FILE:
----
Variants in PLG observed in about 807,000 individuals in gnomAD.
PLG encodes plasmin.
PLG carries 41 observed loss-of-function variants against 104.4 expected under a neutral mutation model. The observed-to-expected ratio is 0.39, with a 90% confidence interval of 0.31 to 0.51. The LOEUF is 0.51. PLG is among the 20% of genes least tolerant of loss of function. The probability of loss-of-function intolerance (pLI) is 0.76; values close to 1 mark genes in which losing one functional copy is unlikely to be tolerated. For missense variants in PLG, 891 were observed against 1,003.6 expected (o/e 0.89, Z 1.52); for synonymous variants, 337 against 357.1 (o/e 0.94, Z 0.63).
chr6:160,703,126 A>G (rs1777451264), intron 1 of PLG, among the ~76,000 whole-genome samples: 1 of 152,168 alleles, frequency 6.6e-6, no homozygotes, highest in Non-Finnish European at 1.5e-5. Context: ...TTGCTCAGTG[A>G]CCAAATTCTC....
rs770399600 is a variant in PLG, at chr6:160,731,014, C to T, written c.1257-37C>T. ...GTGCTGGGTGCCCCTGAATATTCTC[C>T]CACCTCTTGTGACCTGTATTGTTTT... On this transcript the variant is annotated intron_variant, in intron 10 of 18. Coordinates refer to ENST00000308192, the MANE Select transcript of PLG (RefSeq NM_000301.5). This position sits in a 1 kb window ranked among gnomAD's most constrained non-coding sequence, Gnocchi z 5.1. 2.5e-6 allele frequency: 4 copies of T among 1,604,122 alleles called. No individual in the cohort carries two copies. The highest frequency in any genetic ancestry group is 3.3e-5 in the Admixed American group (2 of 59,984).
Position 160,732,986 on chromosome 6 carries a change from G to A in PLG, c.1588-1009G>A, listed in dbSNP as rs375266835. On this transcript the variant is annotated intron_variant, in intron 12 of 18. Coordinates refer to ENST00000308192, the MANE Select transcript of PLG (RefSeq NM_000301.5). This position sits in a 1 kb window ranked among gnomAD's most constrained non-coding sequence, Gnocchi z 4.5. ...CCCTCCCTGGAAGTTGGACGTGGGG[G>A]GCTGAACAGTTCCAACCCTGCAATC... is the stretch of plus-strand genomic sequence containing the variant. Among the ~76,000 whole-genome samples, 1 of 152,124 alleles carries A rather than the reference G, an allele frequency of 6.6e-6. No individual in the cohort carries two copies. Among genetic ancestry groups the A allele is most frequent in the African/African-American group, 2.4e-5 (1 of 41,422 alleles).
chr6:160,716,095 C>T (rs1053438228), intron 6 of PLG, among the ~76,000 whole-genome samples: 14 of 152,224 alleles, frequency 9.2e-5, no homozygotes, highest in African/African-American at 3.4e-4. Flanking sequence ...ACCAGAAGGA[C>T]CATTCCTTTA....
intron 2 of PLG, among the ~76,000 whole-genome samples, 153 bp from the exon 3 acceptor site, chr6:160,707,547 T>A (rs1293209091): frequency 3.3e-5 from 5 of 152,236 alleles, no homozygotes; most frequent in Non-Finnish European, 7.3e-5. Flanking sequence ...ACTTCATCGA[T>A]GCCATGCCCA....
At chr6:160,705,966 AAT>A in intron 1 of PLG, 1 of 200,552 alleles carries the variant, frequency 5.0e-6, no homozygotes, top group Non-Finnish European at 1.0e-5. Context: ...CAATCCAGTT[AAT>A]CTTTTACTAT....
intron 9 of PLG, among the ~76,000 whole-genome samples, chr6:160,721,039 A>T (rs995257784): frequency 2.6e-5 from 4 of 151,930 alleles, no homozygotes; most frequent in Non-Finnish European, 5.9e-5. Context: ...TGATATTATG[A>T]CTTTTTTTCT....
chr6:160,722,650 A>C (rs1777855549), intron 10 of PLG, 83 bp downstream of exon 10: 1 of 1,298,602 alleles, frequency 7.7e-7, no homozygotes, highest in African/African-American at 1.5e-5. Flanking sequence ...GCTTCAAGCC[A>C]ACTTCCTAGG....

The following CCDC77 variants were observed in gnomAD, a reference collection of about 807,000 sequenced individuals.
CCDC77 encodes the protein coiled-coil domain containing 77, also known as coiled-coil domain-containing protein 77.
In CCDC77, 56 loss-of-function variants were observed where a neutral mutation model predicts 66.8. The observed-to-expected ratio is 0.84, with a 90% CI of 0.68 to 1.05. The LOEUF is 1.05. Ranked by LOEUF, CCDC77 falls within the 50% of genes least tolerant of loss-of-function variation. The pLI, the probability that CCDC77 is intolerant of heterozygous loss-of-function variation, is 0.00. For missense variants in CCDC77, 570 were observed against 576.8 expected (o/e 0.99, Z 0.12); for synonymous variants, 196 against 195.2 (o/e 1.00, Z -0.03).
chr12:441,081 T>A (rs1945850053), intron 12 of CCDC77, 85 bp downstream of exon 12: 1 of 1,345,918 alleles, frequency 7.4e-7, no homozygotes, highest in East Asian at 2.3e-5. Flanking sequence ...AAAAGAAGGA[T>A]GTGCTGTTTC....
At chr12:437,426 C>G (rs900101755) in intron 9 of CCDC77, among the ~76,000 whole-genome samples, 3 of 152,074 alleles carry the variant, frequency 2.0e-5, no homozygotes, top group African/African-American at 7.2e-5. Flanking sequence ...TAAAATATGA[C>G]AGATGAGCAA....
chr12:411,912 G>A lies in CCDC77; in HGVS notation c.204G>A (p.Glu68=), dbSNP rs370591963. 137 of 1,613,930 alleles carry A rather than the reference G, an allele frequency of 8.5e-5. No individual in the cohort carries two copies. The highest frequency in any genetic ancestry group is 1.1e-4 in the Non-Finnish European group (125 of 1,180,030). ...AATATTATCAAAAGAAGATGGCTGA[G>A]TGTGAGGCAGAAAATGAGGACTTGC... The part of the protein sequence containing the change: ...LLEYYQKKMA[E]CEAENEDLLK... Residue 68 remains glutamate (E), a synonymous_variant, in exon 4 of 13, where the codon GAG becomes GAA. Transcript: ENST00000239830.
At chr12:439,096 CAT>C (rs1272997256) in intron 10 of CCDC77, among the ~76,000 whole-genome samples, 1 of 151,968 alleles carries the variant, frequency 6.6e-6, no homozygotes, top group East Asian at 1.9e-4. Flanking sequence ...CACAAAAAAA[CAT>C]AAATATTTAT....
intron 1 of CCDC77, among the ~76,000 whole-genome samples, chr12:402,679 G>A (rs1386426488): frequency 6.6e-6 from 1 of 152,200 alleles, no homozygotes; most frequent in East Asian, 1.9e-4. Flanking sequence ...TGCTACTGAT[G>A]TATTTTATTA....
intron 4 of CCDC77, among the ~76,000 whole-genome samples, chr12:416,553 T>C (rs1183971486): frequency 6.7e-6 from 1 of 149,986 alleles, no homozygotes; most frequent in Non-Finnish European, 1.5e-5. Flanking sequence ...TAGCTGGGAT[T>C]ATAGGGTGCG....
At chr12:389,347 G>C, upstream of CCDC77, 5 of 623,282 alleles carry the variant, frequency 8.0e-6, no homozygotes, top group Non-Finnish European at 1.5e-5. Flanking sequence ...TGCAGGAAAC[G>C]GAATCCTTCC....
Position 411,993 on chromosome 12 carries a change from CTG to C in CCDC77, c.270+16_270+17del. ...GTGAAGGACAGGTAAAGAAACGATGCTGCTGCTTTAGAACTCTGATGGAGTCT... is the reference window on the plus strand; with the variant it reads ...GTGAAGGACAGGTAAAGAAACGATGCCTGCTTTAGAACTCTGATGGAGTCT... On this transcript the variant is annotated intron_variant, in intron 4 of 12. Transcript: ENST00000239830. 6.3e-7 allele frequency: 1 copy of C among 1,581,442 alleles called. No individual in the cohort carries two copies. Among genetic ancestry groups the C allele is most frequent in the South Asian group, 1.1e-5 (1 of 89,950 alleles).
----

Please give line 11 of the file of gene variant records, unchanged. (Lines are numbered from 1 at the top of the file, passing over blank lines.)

chr6:160,722,650 A>C (rs1777855549), intron 10 of PLG, 83 bp downstream of exon 10: 1 of 1,298,602 alleles, frequency 7.7e-7, no homozygotes, highest in African/African-American at 1.5e-5. Flanking sequence ...GCTTCAAGCC[A>C]ACTTCCTAGG....